robdockins at fastmail.fm
Tue Feb 7 10:42:41 EST 2006
On Feb 7, 2006, at 9:49 AM, Malcolm Wallace wrote:
> Robert Dockins <robdockins at fastmail.fm> writes:
>>> i would argue against treating tuples as pure syntactic sugar for
>>> nested pairs; since the nesting carries hierarchical information, i
>>> would expect (x,y,z) used in place of (x,(y,z)) to cause an error.
> Indeed, quite apart from anything else, transforming tuples into
> nested tuples changes the performance of access from constant-time
> into linear-time (using the right-nested transformation specified
> by Robert), or at best, log-time (using a balanced tree schema).
> This is highly undesirable.
I'm not convinced. Because the tuples are right-strict you can
aggressively apply unboxing to the spine and recover constant time
access to tuples whose shape is known at compile time (which includes
all Haskell tuple code currently written). At the very least you can
special case the shapes of tuples up to, say n=15, and hit all the
cases that people really care about -- and still have a generic
fallback for n > 15. The transformation can be a merely *semantic*
one. You, the clever compiler writer, can do whatever you need to do
to make it go fast so long as it respects the semantics, and spine-
strictness gives you a fair amount to work with.
>> The copout (in my opinion) is the current system where tuples are
>> defined up to some set n (64 in GHC I think -- the report only
>> mandates 15), and if you want bigger tuples you're SOL.
> To address this problem, I think we should permit user-definition of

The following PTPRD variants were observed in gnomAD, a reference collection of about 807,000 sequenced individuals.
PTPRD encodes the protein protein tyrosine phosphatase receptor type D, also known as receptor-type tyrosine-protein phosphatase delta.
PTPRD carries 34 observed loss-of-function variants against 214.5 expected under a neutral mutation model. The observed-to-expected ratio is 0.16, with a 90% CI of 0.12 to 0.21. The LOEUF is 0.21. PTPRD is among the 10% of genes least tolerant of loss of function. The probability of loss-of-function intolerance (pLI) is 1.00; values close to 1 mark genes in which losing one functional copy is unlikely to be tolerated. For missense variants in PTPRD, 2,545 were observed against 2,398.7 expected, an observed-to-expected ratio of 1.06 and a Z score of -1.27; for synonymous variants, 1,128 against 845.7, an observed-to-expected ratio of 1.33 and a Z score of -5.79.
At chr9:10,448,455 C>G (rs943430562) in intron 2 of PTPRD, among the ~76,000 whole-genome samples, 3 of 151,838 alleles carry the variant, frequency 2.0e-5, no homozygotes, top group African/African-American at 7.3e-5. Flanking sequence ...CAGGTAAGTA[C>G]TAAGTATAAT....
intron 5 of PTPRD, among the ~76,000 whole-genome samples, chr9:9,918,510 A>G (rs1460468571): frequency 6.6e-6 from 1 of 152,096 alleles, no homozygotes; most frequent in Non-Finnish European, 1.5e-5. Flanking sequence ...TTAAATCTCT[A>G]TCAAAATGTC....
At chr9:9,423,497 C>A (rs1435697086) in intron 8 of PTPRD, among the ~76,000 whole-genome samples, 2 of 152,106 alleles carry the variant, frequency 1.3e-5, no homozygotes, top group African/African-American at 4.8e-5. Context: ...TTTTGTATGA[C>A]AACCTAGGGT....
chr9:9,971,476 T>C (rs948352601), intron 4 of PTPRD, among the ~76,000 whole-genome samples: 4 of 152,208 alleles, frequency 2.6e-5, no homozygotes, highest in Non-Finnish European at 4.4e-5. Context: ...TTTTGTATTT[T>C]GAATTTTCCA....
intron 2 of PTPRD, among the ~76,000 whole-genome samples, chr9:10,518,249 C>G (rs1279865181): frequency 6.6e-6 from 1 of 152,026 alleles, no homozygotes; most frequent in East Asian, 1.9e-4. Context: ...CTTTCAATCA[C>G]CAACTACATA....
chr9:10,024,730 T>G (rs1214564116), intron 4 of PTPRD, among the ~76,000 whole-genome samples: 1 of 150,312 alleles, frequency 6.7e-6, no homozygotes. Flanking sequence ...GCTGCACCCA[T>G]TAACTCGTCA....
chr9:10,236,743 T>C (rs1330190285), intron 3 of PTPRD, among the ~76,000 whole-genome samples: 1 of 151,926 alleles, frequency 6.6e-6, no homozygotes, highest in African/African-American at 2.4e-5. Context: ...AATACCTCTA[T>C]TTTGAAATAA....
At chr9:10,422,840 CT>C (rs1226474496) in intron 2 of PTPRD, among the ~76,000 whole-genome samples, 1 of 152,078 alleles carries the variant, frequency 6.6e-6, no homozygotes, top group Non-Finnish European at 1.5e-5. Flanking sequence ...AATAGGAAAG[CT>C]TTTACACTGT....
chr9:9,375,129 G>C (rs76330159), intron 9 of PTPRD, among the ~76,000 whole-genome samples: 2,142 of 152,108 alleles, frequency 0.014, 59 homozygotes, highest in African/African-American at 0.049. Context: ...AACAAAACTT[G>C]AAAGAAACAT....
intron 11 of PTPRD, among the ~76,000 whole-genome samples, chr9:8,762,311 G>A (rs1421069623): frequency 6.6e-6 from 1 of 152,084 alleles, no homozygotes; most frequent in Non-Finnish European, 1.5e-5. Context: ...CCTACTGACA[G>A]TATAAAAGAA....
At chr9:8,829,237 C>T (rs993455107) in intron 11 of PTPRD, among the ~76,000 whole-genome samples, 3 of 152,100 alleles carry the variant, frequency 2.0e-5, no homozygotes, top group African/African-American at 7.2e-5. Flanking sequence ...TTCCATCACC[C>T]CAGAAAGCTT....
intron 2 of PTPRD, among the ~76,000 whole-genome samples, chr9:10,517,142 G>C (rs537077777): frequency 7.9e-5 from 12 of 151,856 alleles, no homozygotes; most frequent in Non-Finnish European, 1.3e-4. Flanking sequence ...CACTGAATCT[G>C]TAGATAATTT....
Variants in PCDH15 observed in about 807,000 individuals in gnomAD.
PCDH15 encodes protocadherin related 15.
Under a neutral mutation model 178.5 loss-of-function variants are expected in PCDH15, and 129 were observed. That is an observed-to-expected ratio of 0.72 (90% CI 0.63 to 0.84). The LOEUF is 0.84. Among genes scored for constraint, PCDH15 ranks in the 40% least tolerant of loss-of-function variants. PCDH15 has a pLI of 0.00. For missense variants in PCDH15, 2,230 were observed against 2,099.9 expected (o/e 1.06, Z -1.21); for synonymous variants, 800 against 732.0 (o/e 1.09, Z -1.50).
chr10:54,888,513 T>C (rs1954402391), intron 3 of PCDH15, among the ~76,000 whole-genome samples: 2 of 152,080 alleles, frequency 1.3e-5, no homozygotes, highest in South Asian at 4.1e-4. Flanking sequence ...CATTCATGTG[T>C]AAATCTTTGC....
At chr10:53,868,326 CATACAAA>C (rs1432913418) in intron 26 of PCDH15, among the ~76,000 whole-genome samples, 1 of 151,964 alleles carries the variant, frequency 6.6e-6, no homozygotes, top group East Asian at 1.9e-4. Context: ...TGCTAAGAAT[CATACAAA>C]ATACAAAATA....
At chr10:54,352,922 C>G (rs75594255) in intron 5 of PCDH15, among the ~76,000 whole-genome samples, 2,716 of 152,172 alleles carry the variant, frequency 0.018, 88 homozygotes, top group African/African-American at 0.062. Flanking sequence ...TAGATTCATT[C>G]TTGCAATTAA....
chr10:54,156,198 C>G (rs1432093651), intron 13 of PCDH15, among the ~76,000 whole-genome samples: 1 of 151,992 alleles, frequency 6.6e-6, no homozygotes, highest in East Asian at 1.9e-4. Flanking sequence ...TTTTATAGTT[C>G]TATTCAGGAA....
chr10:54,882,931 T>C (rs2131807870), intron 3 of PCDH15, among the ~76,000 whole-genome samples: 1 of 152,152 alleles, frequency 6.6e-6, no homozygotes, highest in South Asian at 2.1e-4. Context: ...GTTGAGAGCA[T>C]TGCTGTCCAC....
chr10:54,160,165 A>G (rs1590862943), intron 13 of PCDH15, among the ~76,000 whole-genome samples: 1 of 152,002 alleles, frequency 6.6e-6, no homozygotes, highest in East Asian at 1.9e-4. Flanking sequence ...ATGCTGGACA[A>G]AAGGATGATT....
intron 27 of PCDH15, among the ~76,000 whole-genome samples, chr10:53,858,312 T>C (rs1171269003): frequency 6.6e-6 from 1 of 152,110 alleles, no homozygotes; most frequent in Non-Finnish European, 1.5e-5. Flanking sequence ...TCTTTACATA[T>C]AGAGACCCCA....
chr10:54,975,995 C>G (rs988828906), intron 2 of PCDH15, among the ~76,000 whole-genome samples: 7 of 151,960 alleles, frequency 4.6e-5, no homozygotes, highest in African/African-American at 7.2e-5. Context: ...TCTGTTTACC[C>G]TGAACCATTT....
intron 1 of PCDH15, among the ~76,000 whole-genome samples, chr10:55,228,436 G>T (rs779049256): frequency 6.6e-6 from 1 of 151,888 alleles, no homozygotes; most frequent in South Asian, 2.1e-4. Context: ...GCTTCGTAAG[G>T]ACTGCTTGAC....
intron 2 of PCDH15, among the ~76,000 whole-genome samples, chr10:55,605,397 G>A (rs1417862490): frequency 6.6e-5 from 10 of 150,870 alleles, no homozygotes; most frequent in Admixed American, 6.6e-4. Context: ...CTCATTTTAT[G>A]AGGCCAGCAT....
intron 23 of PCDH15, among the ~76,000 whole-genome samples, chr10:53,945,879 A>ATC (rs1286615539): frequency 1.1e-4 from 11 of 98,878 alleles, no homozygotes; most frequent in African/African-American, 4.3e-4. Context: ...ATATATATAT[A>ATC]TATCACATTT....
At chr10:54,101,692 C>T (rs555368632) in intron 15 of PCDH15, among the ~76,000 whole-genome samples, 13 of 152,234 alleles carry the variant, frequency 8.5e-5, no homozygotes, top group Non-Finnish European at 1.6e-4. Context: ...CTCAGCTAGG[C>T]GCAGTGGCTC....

> tuple constructors with the expected syntax e.g. (,,,,,), which is
> already accepted by at least some compilers (nhc98,yhc).
Right. This solve the first part of the problem.
>> More disturbing is the complete inability to write general functions
>> over tuples.
>> The only fully general solution is to use something
>> like template haskell which 1) is overkill 2) has ugly syntax (sorry
>> but it's true) 3) GHC only and 4) hard to learn.
> I don't believe you need to invoke the full awesome majesty of
> Template Haskell in this case. Surely plain -fgenerics will suffice?
> I am hoping that some simple form of data-type generics will make it
> into the new standard.
As I understand it, you still have to write down the instance
declarations when using '-fgenerics'. So you are still limited by
the amount of time you are willing to spend typing ;-)
For GHC at least you can exhaust the available tuple constructors,
but what if we take your suggestion above and recognize arbitrary
numbers of ',' in parens? You can sprinkle in the appropriate
instance declarations whenever you need them, but now you can get
conflicts with multiple modules creating the same instance (and
there's no way to block instance imports). It's clearly an
improvement (except that nobody seems to use it), but its not the
solution in its full generality.
The root problem seems to be that there is no type level way to
perform induction/recursion on the size of a tuple. Maybe nobody
cares but me, but I'd like to see generic curry and zip functions,
etc. It seems like data marshaling libraries could also benefit from
Anyway, if nobody else speaks out in favor of this I'm going to drop
it for now -- maybe this is something to look at for Haskell 2.
Speak softly and drive a Sherman tank.
Laugh hard; it's a long way to the bank.
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